Doctor Who Theory – “The Girl Who Died”
Aside from the season premiere (my feelings were lukewarm), season 9 is turning out to be the best season since series 4 (in my totally biased opinion of course). Even though I didn’t write about part 2 of Toby Whithouse’s episodes (which I loved even more than the first part), the quality and style of the series is definitely something I want to touch upon as I look at “The Girl Who Died” and discuss some old and new theories relating to the Doctor’s familiar face and the possible Big Bad of the season.
Make sure to read these two theories first for background information as they do connect to the theories in this article (even if a few parts are outdated):
As far as “The Girl Who Died,” we all knew this was meant to be a HUGE episode, considering they have been heavily promoting Maisie Williams (Game of Thrones) in this mysterious role for a while now. Was she someone from the Doctor’s past? Someone we already knew with a different face? No, she was just a character meant to remind the Doctor of his own past, to give him an almost Time Lord Victorious epiphany. But more on that later…
After saving Clara from space about to be attacked by a “love spider,” the Doctor needed somewhere to wipe his feet. Instead of just a normal patch of grass, however, the Doctor and Clara landed right in the heart of the Vikings, getting captured in the process.
When they arrive at the Viking village, the Doctor pretends (and fails miserably with a lame yo-yo) to be the god Odin, looking particularly absurd when another alien species (the Mire) arrive in the skies – the warrior man claiming to be the real Odin. In the meantime, the Viking Warriors of the village, Clara, and a strange girl named Ashildr (Maisie Williams) who seems to ‘almost’ recognize the Doctor all get transported up to the spaceship. Clara and Ashildr escape but the rest of the men die almost instantly.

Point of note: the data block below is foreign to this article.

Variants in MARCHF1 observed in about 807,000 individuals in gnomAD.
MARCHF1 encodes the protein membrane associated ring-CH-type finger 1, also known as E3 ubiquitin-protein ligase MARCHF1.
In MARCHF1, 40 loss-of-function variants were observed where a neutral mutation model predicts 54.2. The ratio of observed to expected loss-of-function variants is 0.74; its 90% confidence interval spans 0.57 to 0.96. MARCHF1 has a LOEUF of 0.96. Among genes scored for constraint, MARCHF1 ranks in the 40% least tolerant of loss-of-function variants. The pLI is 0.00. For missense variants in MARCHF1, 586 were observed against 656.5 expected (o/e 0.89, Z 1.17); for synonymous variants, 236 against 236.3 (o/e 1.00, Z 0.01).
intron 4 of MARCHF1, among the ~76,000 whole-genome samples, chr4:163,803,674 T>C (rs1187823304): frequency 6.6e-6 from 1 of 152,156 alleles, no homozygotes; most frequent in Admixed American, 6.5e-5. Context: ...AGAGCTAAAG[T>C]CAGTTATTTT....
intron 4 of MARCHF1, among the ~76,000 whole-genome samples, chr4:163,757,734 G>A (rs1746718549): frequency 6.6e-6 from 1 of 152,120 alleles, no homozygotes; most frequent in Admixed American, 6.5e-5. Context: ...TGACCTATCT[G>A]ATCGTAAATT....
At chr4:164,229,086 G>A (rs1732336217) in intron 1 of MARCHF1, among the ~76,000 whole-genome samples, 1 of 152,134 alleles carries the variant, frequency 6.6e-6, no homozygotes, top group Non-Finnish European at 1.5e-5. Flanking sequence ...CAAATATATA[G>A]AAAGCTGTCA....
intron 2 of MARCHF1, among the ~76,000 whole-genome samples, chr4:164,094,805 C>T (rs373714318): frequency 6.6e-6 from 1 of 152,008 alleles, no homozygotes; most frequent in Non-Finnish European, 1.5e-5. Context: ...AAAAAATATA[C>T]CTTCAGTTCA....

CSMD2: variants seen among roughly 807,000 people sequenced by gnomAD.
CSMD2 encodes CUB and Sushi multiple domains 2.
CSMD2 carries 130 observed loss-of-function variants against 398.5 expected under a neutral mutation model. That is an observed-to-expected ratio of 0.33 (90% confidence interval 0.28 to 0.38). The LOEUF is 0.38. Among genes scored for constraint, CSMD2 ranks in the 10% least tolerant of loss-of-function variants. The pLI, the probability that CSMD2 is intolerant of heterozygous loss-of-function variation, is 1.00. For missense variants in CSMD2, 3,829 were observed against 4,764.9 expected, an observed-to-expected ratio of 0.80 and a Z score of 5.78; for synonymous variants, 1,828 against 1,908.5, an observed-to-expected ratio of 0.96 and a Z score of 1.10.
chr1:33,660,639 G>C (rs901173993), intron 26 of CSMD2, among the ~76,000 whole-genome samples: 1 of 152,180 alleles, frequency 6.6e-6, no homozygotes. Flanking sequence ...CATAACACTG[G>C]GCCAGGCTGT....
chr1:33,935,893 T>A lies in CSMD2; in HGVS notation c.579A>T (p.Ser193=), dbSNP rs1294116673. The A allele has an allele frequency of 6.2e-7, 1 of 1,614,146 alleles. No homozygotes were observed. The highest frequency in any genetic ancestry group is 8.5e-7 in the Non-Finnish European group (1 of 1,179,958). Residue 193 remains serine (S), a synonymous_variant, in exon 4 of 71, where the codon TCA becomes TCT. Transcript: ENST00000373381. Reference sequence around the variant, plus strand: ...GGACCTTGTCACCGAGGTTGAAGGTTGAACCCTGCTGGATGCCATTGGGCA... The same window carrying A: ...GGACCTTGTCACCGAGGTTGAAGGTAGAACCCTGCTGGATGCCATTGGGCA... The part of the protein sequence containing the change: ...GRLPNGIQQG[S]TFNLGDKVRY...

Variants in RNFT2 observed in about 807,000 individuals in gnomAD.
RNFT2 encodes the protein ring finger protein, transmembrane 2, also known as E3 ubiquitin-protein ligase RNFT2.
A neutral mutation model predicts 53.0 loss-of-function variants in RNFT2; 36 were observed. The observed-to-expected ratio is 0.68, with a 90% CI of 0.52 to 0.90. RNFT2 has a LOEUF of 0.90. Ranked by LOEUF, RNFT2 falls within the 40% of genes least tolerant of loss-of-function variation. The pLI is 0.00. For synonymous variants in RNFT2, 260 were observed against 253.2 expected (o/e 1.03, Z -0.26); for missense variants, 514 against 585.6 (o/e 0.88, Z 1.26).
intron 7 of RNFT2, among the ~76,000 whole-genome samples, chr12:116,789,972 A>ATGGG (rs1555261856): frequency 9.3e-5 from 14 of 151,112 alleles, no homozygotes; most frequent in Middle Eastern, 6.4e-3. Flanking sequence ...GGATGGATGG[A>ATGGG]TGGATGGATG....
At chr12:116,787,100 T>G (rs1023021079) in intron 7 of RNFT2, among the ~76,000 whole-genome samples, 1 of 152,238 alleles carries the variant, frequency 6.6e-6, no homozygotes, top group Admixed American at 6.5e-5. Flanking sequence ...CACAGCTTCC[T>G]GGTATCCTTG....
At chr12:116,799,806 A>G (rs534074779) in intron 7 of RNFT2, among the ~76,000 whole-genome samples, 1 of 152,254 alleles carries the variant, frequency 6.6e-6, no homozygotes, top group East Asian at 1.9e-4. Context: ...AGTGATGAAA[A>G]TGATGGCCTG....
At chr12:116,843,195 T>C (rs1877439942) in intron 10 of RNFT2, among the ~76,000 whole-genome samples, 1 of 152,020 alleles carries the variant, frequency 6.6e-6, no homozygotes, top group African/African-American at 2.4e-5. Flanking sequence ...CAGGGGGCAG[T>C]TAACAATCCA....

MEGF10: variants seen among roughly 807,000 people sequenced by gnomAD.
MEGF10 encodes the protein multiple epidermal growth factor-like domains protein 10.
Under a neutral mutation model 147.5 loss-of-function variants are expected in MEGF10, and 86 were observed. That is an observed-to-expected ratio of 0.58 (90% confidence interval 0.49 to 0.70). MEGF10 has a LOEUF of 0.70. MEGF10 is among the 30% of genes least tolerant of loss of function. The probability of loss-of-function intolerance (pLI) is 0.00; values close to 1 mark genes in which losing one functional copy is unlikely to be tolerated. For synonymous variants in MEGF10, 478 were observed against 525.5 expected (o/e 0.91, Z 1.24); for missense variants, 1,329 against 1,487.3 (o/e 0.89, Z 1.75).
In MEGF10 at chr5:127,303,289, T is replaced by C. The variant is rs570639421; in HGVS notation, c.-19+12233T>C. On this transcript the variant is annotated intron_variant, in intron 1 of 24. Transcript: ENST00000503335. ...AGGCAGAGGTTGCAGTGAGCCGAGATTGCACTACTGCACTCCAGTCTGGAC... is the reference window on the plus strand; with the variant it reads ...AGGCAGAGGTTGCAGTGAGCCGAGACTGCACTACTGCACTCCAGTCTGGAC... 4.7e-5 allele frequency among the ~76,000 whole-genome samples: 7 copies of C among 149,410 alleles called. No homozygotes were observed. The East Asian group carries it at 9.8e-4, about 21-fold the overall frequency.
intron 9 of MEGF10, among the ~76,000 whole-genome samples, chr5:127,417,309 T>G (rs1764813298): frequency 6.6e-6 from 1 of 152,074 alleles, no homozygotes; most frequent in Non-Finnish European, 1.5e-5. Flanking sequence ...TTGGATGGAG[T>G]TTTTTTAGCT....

Clara, after having traveled with the Doctor for a while now, tries to BE the Doctor by convincing the alien species to leave. (Perhaps it will be Clara’s own recklessness that will lead to how she leaves the series.) She almost convinces him when Ashildr declares war on the alien race, leaving Clara, Ashildr, and the Doctor only one day to save the entire village.
It is here that things truly get interesting. At first, the Doctor wants to run because saving the village will create a tidal wave in time. There are rules to be followed after all. On a side note, can I say how awesome it is to have rules in time travel again? I feel these past few seasons the rules have kind of been put to the wayside, but this episode and the two-parter before really became consistent in that regard again.
After Clara does convince the Doctor to stay, he fails at attempting to teach the non-fighters of the village to fight. It’s not until after he talks to Ashildr, that the first epiphany surfaces. There are also a few important clues in this scene regarding the Doctor’s familiar face.
“Why are you here?” Ashildr asks the Doctor.
DOCTOR: I’m looking for something I’m missing.
But what is he missing? This word is key with its double meaning (the first just being about electric eels and “the fire and the water”), and while I do believe a great deal was revealed by the end of the episode about the Doctor’s face, I also believe that the full significance of the Doctor’s familiar face has yet to come. There is a double meaning after all. What is it the Doctor is missing? He’s been having problems with his memory since his introduction as the 12th Doctor which may be a huge clue to this whole mystery.
Ashildr then tells the Doctor some of her story, explaining why she won’t run. She’s different, she’s a storyteller, but in this village she has a home, a place where she is loved and loves those around her. The speech is very reminiscent of companions from the Doctor’s past (you know, the ones who don’t go along with almost everything the Doctor tells them to do).
The Doctor will mourn her death, but Ashildr pities him. This interaction builds affection for Ashildr on the Doctor’s part, and when he hears the baby crying again, he figures out how to save everyone in the village, something he is doing particularly for Ashildr.
The battle against this warrior race is hilarious! It starts like a party, until the Doctor electrocutes several of the Mire warriors, taking over one of their helmets. It is, in fact, this helmet the Doctor’s plan revolves around. Without considering the consequences, he puts the helmet on Ashildr so she can create an illusion of a story, an illusion of a beast.
The village wins after making fools of the Mire (they will keep their loss a secret and protect time in order to save face), but in the helmet Ashildr lay quiet and still. They pull the helmet off only to find her dead. Heart failure. She couldn’t handle the technology. The Doctor walks away in anger and shame. It is his actions next, however, that tell us why the Doctor took on the face he did.
Turn to the following pages for several thoughts and theories about the Doctor’s face, consequences, Donna, Rose, The Children of Time, and more…